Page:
• ‘Nakshi Shaaj’: Contemporizing the Traditional Craftsmanship of the Sylheti Community | Gurugram, India

    Indian artist Antara Dey received EAS seed support this year for 'Nakshi Shaaj’. In this project, Antara explores identity and subconscious memory, as she works to create a contemporary archive of Sylheti art and culture through her paintings. We are pleased to present her description of this ambitious ongoing project from its conception to the first stages of realization.

    'Pati ek' | Acrylic and Fuji ink on unstretched canvas | 12 x 24 inches


    Over the past couple of years, I have been extensively researching the culture, folklore, myth, superstitions, and ways of my community, Sylheti. Sylhet is a city in eastern Bangladesh, on the Surma River. I was born and bred in India after my great grandparents migrated to Shillong, a city in the North-East of India.  Although my family and our extended relatives all spoke the language they brought with them from Sylhet (Sylheti or Silōti), things got diluted over the decades. We adapted to local culture, food habits, and phonetics, but deep down every member of my family wanted to be recognized as hardcore Sylheti.

    'Silōti Naksha' | Acrylic and Fuji ink on unstretched canvas | 20 x 24 inches

    As my research deepened, I realised that I had no idea about some of the most beautiful patterns, iconographies, themes and subject matter of Sylheti art, that is substantially used in the making of Sylheti nakshi pati or Shital pati. These are intricately patterned, handmade and woven mats that tell stories of folks from the community. Growing up, we had one such pati, but it didn’t catch my eye until a few months ago, while visiting home. It took me a while to realize that I have always been making such patterns in my paintings and how similar they looked to the ones in the pati. Was it subconscious memory? Was it coincidence? Or was it a combination of both? 

    'Pati teen' | Acrylic and Fuji ink on unstretched canva | 5 x 9 inches

    I dove straight away into doing more pattern-research.  This time I came across some hard-hitting news–none of my Sylheti friends, cousins or people my age knew about the nakshi pati or its relevance.  What is worse, was their indifference, or lack of interest, when I told them about it. I hated that! I was hurting!

    'Xhakra' | Acrylic and Fuji ink on unstretched canvas | 20 x 22 inches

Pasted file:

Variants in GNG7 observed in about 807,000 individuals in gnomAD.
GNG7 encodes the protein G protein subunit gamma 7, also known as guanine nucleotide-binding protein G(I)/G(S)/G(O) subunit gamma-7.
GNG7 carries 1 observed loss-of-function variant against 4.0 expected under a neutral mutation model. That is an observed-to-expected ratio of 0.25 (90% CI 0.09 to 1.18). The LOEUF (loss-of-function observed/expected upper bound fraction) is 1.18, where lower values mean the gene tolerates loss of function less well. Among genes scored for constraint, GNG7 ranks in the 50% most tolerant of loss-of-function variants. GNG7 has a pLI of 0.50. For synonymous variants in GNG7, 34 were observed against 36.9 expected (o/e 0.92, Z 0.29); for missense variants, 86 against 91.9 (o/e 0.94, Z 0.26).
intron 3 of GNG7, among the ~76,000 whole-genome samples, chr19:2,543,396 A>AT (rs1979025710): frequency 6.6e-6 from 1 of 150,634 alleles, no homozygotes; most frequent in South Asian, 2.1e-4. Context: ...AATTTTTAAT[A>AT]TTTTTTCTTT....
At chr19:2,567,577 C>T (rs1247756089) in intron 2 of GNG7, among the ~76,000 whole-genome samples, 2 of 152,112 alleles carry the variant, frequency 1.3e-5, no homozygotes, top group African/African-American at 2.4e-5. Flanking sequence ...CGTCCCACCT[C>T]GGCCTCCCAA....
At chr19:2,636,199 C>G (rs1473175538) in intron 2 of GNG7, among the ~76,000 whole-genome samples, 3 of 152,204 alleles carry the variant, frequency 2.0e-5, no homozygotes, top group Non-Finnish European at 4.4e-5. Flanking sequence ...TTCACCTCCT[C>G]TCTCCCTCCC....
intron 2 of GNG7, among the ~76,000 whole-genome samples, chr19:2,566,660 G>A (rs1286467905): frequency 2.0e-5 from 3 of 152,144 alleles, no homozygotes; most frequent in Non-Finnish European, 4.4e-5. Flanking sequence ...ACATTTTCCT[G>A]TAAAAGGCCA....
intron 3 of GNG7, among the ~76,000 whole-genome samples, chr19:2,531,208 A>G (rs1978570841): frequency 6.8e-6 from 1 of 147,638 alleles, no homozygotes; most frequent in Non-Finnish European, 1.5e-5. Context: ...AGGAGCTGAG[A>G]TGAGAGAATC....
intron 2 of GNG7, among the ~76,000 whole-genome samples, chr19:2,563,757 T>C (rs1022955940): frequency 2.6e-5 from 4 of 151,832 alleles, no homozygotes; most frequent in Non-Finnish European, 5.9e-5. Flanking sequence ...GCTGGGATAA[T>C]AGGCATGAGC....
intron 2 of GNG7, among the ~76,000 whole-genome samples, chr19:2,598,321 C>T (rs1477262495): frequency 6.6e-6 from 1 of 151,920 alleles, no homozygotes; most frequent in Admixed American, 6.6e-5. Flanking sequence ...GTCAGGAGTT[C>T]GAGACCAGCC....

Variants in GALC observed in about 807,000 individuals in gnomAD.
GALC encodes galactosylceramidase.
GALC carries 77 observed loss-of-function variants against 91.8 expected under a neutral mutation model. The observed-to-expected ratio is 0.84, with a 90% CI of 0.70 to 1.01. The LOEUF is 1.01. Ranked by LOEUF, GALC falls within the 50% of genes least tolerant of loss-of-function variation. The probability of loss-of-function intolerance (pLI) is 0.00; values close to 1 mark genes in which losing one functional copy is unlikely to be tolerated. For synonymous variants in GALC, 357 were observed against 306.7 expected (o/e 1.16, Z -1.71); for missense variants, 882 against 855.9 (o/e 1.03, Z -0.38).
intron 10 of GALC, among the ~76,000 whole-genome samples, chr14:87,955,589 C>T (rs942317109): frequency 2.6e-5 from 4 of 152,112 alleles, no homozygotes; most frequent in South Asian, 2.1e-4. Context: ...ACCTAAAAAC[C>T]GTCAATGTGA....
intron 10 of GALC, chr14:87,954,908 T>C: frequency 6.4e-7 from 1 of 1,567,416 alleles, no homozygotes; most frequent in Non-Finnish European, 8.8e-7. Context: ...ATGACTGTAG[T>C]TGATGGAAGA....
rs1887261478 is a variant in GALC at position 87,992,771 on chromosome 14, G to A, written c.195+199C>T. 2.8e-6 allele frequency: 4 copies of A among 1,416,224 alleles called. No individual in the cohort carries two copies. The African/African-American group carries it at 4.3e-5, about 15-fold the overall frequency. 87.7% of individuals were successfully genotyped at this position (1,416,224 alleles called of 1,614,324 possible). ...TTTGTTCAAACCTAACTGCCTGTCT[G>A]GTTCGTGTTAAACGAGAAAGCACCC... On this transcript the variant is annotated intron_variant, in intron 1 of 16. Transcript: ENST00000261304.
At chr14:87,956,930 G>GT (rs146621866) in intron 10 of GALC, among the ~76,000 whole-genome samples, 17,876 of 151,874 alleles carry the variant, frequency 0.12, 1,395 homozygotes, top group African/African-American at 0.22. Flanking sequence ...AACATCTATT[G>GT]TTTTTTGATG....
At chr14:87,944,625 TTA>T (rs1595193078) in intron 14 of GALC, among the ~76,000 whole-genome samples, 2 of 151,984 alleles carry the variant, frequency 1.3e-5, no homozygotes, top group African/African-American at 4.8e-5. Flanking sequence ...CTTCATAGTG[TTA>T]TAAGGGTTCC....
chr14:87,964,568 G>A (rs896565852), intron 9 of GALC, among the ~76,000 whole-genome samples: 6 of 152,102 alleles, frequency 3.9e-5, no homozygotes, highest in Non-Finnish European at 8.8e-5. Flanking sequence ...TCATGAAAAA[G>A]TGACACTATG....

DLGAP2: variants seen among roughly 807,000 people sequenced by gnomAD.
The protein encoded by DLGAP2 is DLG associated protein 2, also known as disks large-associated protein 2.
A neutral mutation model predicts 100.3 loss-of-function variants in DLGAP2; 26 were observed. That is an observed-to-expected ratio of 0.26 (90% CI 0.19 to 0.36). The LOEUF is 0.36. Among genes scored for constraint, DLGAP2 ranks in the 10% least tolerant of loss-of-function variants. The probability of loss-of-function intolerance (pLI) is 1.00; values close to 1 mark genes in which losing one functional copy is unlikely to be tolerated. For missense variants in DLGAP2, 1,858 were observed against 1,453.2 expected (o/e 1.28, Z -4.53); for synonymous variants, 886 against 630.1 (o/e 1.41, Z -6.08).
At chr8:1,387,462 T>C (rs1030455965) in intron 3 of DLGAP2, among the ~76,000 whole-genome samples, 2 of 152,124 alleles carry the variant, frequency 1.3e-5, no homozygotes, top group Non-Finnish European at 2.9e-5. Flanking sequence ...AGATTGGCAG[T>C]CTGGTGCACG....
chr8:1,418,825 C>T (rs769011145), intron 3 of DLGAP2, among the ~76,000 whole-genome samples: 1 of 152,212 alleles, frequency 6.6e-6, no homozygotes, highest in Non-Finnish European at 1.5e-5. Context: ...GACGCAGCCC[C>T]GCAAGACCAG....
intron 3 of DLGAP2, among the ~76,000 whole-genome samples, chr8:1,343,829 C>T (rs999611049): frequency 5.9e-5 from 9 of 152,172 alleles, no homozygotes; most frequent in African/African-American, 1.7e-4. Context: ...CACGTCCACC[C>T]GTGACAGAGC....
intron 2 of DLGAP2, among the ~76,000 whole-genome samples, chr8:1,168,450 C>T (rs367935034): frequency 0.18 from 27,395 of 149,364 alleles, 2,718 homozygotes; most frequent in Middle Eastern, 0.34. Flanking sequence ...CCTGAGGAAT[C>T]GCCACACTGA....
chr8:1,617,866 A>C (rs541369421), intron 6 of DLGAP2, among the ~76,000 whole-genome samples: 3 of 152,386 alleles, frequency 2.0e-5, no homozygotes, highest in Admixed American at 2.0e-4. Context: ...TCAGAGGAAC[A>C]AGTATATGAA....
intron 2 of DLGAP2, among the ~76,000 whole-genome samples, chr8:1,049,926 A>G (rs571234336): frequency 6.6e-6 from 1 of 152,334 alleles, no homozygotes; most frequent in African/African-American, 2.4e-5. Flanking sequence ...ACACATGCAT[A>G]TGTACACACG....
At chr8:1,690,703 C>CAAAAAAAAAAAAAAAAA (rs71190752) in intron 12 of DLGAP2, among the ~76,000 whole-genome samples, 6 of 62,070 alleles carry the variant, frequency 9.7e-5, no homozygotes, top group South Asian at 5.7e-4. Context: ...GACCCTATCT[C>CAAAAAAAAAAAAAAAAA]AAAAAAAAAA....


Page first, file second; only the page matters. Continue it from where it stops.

Taking the reins in my own hands to make these storytelling patterns more common to my peers, I started this series. All the paintings in the series are true replications of the nakshi or patterns found on the mats. I plan on continuing this series and making it even more extensive. From the rarest to the most frequent and the oldest to the newest, I plan to make a visual archive of nakshi presented in a form that will not hurt sentiments, but will contemporize the folklore. 

    'Silōti Naksha II' Diptych | Acrylic and Fuji ink on unstretched canvas | 5 x 7 inches each

    My work is mostly two-dimensional and features a lot of distortion in the form of figures, silhouettes, patterns, and symbols. I use acrylic and oil paints, which allows me to concentrate on creating a wide and busy range of colours in my pieces. To make my art interesting and help scatter the eye throughout the composition, I frequently use colours that clash and are traditionally thought to be 'ugly' colour pairings. The colours are intended to draw attention to the distorted cluster of shapes that I typically create, ensuring that my pieces never have a single focal point. I enjoy colouring in tones that are not even human. Despite the fact that some of my pieces deal with serious folkloric trends and tales, I believe my paintings can create an experience for a rather large audience outside of the Sylheti community, and that is my ultimate goal.

    'Barak & Surma' Diptych | Acrylic and Fuji ink on unstretched canvas | 5 x 7 inches each

    About the Artist

    I am a professional visual artist, practicing in varied mediums with high interest in culture and folklore fraternity. My practice reveals through drawings, paintings and digital creation, the contexts marked by the folklore, the breaking down of concrete spaces, language, and identity. I am co-founder of the Museo Collective, where I work full time to help with the holistic practice of art conservation, restoration & preservation of art and antiquities. I currently live and practice in Gurugram.